New, unofficial MuraCMS channel (chatroom) on IRC Freenode

Internet Relay Chat (IRC) has been around for a LOOONG time. I have fond memories of logging into IRC (for embarrassing amounts of time) when I first logged onto the internet in 1995. I have been using IRC ever since.

The are many server choices on IRC, but the one I keep finding myself coming back to is Freenode.

"freenode provides discussion facilities for the Free and Open Source Software communities, for not-for-profit organizations and for related communities and organizations."

Seems like a perfect place for a Mura channel.


Stopping web crawling bots from causing errors in BlogCFC

So I have been using BlogCFC for 970 days, and I love it. But one problem I have had since the beginning is when my site gets hammered with web crawler, I get a ton of errors. They usually hit between 2:00 AM and 6:00 AM and crawl my blog looking for new content. I appreciate what they do, but sometimes they can be VERY aggressive and start to cause timeout errors.

The result is that I wake up to dozens, or hundreds, of error emails and, very rarely, a crashed ColdFusion application server. Since I am on an Awesome VPS, I rarely have problems with the crashing, even less so since I upgraded the JVM from the CF8 default. But I would rather not have my server brought to its knees every morning by bots. Especially since I know that my worshippers from across the pond are just arriving at work and desire nothing more than to see if I have anything new to say.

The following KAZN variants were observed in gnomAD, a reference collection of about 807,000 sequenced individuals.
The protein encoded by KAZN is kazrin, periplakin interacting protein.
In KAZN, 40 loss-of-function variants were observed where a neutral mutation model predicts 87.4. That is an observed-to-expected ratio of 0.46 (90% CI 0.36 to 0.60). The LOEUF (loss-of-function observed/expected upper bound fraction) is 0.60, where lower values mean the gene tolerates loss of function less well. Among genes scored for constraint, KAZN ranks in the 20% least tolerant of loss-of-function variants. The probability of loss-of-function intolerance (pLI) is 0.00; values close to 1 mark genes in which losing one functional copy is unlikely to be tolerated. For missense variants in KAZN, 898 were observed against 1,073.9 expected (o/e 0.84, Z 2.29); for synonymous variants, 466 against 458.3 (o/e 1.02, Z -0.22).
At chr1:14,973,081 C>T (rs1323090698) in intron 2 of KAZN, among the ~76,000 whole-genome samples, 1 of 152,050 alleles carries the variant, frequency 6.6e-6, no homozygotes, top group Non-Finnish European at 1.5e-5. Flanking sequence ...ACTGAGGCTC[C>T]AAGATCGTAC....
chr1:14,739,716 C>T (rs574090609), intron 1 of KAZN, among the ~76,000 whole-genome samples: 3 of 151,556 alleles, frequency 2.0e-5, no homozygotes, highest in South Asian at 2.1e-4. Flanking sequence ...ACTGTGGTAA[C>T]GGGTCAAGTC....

So, finally, after 3 years, I decided to look into this problem. I've noticed that more often than not, the timeout errors are occurring when the web crawler tries to hit the "print" link on every post. So I said to myself, "Self, do web crawlers need to index my 'print' page?"


Adding more resource navigator filters to ColdFusion Builder (Eclipse)

One thing that has always bugged the crap out of me is our inability to add additional resource filters to the navigator view in Eclipse. Specifically, I mean these:

Resource filters are very useful little tools that will hide anything that matches the filter from the navigator view. Which is great for things like .svn folders or any other crap you don't feel like you need distracting you at the moment. Like if you want to hide all the images in a project so that it is not as cluttered. But for some reason, we have never been able to add our own filters. So I can't, for example, hide the stupid Settings.xml file that CFB likes to add to my projects or the .settings folder. Grrrrr!!


Enabling Access to the Adobe AIR Tools in ColdFusion Builder

I was talking to Charlie Arehart today after his "Hidden Gems in ColdFusion Builder" presentation at CFUnited 2010 and I mention that, for some reason, ColdFusion Builder has the Adobe AIR packaging features of the application hidden by default. So I thought I would write a post on how to enable them for those that would like to use CFBuilder for developing AIR applications.